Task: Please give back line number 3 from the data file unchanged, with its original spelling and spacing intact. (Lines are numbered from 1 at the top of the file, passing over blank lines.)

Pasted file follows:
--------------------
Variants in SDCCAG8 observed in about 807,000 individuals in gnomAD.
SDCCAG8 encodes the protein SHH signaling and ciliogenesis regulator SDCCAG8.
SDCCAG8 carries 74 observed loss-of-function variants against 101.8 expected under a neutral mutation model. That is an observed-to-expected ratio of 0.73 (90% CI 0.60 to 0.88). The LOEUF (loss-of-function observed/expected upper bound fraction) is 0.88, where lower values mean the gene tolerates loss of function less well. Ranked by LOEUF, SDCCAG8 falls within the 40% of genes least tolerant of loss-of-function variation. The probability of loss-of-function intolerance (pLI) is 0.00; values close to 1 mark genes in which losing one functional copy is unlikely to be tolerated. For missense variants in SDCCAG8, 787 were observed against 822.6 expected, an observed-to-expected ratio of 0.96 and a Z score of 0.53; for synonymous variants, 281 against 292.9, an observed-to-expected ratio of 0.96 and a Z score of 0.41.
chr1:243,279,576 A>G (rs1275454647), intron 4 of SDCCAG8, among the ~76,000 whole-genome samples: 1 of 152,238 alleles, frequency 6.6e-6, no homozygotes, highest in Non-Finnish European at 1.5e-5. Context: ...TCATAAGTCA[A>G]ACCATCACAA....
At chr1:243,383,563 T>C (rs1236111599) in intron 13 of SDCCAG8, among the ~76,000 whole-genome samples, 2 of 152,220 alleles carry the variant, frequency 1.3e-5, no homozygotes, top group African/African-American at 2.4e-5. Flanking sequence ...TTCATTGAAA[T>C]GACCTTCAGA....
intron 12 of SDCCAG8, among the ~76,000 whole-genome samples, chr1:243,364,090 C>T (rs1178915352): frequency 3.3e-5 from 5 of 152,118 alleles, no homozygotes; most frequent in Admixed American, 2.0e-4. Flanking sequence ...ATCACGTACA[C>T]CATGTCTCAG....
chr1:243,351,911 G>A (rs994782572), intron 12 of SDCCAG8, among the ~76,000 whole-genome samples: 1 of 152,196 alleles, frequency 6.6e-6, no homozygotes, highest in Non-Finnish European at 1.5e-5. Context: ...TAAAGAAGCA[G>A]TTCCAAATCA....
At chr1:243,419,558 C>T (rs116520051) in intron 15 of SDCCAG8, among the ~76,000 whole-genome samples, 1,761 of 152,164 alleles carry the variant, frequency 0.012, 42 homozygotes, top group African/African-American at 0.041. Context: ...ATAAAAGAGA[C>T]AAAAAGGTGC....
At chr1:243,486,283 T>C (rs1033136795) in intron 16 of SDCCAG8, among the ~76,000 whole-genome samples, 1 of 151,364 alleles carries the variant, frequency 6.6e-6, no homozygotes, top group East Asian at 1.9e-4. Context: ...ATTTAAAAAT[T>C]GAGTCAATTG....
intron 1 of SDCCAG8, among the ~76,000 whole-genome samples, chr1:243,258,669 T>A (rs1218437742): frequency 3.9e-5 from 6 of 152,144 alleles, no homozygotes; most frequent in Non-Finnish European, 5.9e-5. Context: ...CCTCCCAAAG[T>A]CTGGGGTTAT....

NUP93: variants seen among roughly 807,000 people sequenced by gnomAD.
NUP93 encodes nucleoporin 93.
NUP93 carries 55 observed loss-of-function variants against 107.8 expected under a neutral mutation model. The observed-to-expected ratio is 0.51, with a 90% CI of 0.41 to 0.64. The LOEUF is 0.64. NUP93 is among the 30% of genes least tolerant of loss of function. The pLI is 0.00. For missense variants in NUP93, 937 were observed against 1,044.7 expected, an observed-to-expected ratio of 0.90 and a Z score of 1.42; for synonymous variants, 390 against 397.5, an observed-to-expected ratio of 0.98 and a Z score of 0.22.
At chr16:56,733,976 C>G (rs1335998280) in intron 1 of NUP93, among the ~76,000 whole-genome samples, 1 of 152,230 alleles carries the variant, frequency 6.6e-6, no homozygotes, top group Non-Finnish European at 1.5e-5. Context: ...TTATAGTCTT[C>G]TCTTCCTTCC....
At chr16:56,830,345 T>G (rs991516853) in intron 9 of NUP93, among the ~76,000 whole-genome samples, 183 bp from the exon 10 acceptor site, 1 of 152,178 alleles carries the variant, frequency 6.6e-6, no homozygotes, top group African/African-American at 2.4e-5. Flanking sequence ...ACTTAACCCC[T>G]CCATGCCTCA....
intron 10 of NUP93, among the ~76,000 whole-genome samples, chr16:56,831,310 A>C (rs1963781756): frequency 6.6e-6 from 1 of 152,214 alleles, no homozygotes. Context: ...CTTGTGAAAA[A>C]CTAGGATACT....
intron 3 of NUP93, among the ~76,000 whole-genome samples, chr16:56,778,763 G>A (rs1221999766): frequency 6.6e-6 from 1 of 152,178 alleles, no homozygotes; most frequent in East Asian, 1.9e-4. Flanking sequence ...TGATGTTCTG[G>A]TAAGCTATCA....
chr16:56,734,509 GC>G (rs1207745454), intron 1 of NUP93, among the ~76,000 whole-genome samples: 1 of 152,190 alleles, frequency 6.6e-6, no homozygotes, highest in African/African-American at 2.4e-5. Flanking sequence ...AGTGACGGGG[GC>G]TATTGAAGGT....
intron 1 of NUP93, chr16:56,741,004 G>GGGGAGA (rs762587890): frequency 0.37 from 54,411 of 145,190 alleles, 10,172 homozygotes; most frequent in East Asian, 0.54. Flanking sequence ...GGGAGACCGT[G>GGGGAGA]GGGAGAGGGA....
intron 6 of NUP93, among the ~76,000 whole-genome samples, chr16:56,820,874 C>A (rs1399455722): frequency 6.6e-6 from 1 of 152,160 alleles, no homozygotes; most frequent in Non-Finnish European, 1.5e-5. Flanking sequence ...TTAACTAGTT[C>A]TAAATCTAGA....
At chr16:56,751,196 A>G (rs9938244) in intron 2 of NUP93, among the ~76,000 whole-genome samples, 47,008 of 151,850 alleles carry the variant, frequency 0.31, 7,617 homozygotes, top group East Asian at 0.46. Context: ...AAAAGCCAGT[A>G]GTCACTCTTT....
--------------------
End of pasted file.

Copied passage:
SDCCAG8 carries 74 observed loss-of-function variants against 101.8 expected under a neutral mutation model. That is an observed-to-expected ratio of 0.73 (90% CI 0.60 to 0.88). The LOEUF (loss-of-function observed/expected upper bound fraction) is 0.88, where lower values mean the gene tolerates loss of function less well. Ranked by LOEUF, SDCCAG8 falls within the 40% of genes least tolerant of loss-of-function variation. The probability of loss-of-function intolerance (pLI) is 0.00; values close to 1 mark genes in which losing one functional copy is unlikely to be tolerated. For missense variants in SDCCAG8, 787 were observed against 822.6 expected, an observed-to-expected ratio of 0.96 and a Z score of 0.53; for synonymous variants, 281 against 292.9, an observed-to-expected ratio of 0.96 and a Z score of 0.41.